US unveils enforcement framework to combat terrorist, criminal cryptocurrency activities
US officials have outlined how criminal applications of blockchain technologies and cryptocurrency should be responded to through a new framework.
While the possibilities of the blockchain are considered “breathtaking” prospects that could allow humans to “flourish,” the new “cryptocurrency enforcement framework” focuses on darker applications — such as the use of virtual assets in criminal enterprises.
The US Department of Justice (DoJ), together with Attorney General William Barr, announced the public release of the framework on Thursday.
The report is based on the efforts of the Attorney General’s Cyber-Digital Task Force, tasked with investigating “emerging threats and enforcement challenges associated with the increasing prevalence and use of cryptocurrency,” according to the department.
The document outlines DoJ and law enforcement response strategies to blockchain and cryptocurrency-related crimes. Split into three main sections, the 83-page framework document (.PDF) first outlines the applications of blockchain and cryptocurrencies, ranging from smart contracts, wallets, Initial Coin Offerings (ICOs), and the exchange of virtual coins themselves.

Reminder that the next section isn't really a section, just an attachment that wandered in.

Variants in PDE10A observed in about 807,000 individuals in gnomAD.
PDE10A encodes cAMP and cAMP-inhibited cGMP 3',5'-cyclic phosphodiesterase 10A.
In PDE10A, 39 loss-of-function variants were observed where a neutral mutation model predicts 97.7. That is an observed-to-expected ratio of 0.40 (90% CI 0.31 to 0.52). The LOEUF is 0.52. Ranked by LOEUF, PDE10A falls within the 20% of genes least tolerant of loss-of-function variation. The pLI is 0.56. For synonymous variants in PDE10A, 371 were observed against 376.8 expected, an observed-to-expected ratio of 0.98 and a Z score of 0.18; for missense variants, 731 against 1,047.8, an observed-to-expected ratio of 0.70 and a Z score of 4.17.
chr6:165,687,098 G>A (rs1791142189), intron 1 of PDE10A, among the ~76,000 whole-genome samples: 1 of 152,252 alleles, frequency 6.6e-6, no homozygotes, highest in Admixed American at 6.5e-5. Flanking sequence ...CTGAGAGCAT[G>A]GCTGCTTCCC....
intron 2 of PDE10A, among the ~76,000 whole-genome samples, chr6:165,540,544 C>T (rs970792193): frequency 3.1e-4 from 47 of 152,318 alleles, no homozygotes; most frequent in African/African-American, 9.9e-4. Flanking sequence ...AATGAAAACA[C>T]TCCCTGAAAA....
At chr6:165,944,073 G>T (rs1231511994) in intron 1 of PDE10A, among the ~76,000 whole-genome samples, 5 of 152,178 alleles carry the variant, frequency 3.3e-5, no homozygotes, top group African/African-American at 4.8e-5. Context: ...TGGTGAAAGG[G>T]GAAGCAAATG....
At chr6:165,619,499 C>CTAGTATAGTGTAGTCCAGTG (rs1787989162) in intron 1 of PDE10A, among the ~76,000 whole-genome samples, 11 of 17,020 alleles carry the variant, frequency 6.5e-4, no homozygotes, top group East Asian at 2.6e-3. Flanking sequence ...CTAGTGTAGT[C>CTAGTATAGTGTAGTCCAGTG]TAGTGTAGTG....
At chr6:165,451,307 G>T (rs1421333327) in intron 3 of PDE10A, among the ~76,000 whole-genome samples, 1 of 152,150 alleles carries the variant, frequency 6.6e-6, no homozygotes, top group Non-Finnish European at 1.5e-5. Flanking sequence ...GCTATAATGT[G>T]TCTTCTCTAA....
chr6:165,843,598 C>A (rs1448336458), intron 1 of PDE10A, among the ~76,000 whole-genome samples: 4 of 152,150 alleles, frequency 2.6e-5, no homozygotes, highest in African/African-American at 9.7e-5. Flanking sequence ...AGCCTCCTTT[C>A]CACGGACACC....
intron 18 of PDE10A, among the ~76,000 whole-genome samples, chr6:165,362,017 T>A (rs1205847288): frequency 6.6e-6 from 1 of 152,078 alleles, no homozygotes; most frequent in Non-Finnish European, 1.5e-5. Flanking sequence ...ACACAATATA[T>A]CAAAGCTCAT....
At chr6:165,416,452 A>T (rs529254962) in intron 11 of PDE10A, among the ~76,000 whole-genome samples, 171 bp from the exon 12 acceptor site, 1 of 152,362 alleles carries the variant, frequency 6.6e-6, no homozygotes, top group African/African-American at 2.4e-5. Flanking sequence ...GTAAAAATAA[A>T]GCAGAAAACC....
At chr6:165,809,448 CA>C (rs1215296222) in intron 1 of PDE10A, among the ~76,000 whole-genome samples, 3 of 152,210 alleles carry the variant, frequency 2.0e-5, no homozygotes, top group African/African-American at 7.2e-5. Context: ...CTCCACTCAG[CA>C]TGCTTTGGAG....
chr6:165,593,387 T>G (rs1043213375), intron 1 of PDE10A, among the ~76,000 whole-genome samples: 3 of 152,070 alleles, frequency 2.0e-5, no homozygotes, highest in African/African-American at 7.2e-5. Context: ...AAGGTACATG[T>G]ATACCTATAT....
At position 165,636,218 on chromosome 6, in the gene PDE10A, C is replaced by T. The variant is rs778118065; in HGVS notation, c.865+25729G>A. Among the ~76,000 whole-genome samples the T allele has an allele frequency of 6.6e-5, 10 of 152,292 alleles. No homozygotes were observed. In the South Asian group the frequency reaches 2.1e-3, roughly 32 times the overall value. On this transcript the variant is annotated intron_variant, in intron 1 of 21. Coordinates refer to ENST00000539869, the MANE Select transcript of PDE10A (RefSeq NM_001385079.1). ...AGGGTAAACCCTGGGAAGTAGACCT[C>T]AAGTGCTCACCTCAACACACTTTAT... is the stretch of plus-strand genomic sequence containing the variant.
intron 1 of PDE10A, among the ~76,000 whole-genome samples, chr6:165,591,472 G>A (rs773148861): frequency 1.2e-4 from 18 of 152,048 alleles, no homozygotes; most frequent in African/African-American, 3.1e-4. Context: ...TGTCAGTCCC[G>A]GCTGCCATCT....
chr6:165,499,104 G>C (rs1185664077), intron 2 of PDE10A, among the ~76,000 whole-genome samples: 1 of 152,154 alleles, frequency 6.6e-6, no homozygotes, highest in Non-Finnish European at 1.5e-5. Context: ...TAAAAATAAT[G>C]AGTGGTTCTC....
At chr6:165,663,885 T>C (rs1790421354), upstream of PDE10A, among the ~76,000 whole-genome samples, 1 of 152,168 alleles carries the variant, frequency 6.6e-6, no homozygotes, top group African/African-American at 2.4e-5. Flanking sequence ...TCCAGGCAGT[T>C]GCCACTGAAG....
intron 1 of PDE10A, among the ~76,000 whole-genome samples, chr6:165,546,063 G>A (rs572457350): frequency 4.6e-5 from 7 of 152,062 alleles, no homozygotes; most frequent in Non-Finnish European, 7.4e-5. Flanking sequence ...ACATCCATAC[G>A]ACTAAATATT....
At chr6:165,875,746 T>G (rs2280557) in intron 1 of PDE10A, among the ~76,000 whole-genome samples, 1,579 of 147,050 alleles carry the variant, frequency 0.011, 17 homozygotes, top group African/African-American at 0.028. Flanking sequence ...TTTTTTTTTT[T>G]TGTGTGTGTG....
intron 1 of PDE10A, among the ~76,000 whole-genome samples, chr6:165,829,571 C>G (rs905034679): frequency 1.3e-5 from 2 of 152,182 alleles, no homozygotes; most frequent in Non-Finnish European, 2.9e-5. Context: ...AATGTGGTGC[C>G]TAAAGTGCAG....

The report then examines today’s “illicit” uses of cryptocurrency, separating them into three categories: financial transactions associated with the commission of crimes; money laundering and the shielding of legitimate activity from tax, reporting, or other legal requirements; and direct crimes including theft.
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In particular, the framework says that cryptocurrency can be linked to organized crime outfits and terrorist activities.
“They can avoid large cash transactions and mitigate the risk of bank accounts being traced, or of banks notifying governments of suspicious activity,” the report says. “Criminals have used cryptocurrency, often in large amounts and transferred across international borders, as a new means to fund criminal conduct ranging from child exploitation to terrorist fundraising. Cryptocurrency also has been used to pay for illegal drugs, firearms, and tools to commit